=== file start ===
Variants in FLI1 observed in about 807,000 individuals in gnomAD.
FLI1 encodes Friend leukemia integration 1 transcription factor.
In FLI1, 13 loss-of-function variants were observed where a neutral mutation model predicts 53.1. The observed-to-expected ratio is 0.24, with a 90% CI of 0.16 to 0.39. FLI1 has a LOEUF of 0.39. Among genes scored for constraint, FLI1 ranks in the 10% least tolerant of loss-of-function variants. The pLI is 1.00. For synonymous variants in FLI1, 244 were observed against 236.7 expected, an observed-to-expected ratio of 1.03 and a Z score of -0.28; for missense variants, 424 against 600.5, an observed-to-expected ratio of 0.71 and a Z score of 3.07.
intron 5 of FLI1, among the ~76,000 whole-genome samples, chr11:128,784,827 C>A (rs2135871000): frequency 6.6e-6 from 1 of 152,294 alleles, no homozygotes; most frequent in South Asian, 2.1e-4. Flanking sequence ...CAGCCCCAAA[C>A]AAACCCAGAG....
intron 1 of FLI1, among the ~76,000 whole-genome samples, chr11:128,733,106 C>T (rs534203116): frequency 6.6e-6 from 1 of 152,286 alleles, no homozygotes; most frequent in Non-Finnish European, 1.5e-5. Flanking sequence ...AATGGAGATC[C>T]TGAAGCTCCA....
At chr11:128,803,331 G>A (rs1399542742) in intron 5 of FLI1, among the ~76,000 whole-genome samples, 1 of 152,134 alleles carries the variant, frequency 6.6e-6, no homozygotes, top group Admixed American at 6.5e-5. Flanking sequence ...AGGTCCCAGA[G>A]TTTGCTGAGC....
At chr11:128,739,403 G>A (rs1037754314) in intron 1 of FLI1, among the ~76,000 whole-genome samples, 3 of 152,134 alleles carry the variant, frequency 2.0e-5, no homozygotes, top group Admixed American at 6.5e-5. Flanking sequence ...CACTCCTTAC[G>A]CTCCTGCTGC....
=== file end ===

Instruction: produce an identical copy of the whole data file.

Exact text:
Variants in FLI1 observed in about 807,000 individuals in gnomAD.
FLI1 encodes Friend leukemia integration 1 transcription factor.
In FLI1, 13 loss-of-function variants were observed where a neutral mutation model predicts 53.1. The observed-to-expected ratio is 0.24, with a 90% CI of 0.16 to 0.39. FLI1 has a LOEUF of 0.39. Among genes scored for constraint, FLI1 ranks in the 10% least tolerant of loss-of-function variants. The pLI is 1.00. For synonymous variants in FLI1, 244 were observed against 236.7 expected, an observed-to-expected ratio of 1.03 and a Z score of -0.28; for missense variants, 424 against 600.5, an observed-to-expected ratio of 0.71 and a Z score of 3.07.
intron 5 of FLI1, among the ~76,000 whole-genome samples, chr11:128,784,827 C>A (rs2135871000): frequency 6.6e-6 from 1 of 152,294 alleles, no homozygotes; most frequent in South Asian, 2.1e-4. Flanking sequence ...CAGCCCCAAA[C>A]AAACCCAGAG....
intron 1 of FLI1, among the ~76,000 whole-genome samples, chr11:128,733,106 C>T (rs534203116): frequency 6.6e-6 from 1 of 152,286 alleles, no homozygotes; most frequent in Non-Finnish European, 1.5e-5. Flanking sequence ...AATGGAGATC[C>T]TGAAGCTCCA....
At chr11:128,803,331 G>A (rs1399542742) in intron 5 of FLI1, among the ~76,000 whole-genome samples, 1 of 152,134 alleles carries the variant, frequency 6.6e-6, no homozygotes, top group Admixed American at 6.5e-5. Flanking sequence ...AGGTCCCAGA[G>A]TTTGCTGAGC....
At chr11:128,739,403 G>A (rs1037754314) in intron 1 of FLI1, among the ~76,000 whole-genome samples, 3 of 152,134 alleles carry the variant, frequency 2.0e-5, no homozygotes, top group Admixed American at 6.5e-5. Flanking sequence ...CACTCCTTAC[G>A]CTCCTGCTGC....